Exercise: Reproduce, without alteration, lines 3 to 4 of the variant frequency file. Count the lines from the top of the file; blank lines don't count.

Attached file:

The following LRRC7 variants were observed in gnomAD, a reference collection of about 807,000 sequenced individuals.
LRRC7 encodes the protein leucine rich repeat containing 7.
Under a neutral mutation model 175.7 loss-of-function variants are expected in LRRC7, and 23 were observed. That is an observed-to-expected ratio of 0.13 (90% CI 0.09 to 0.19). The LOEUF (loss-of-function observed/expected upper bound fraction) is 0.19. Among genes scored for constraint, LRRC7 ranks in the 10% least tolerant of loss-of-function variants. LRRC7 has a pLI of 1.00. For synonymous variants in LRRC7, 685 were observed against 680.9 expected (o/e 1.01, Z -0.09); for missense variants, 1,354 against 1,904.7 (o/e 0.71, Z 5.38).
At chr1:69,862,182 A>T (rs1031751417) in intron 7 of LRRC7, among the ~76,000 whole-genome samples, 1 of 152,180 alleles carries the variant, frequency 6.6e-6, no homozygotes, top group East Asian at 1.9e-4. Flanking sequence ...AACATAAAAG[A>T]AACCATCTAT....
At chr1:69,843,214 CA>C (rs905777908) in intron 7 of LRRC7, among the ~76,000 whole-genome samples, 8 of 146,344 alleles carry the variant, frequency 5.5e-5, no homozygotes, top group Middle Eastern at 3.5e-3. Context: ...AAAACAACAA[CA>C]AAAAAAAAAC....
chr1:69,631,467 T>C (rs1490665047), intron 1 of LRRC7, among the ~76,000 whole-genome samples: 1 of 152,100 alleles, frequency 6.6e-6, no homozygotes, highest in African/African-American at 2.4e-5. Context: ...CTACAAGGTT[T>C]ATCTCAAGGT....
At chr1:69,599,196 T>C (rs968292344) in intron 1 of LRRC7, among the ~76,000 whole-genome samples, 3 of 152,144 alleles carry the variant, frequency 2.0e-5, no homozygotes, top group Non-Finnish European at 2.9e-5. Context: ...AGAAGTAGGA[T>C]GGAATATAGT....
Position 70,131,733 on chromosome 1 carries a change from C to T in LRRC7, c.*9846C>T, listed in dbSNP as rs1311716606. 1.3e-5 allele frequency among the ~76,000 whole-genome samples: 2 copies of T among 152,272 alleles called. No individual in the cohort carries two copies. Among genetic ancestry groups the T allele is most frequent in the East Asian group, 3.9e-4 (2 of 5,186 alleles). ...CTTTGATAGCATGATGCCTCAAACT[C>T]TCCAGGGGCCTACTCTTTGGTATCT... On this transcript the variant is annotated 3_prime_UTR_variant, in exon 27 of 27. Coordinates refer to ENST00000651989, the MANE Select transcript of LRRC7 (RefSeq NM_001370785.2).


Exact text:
Under a neutral mutation model 175.7 loss-of-function variants are expected in LRRC7, and 23 were observed. That is an observed-to-expected ratio of 0.13 (90% CI 0.09 to 0.19). The LOEUF (loss-of-function observed/expected upper bound fraction) is 0.19. Among genes scored for constraint, LRRC7 ranks in the 10% least tolerant of loss-of-function variants. LRRC7 has a pLI of 1.00. For synonymous variants in LRRC7, 685 were observed against 680.9 expected (o/e 1.01, Z -0.09); for missense variants, 1,354 against 1,904.7 (o/e 0.71, Z 5.38).
At chr1:69,862,182 A>T (rs1031751417) in intron 7 of LRRC7, among the ~76,000 whole-genome samples, 1 of 152,180 alleles carries the variant, frequency 6.6e-6, no homozygotes, top group East Asian at 1.9e-4. Flanking sequence ...AACATAAAAG[A>T]AACCATCTAT....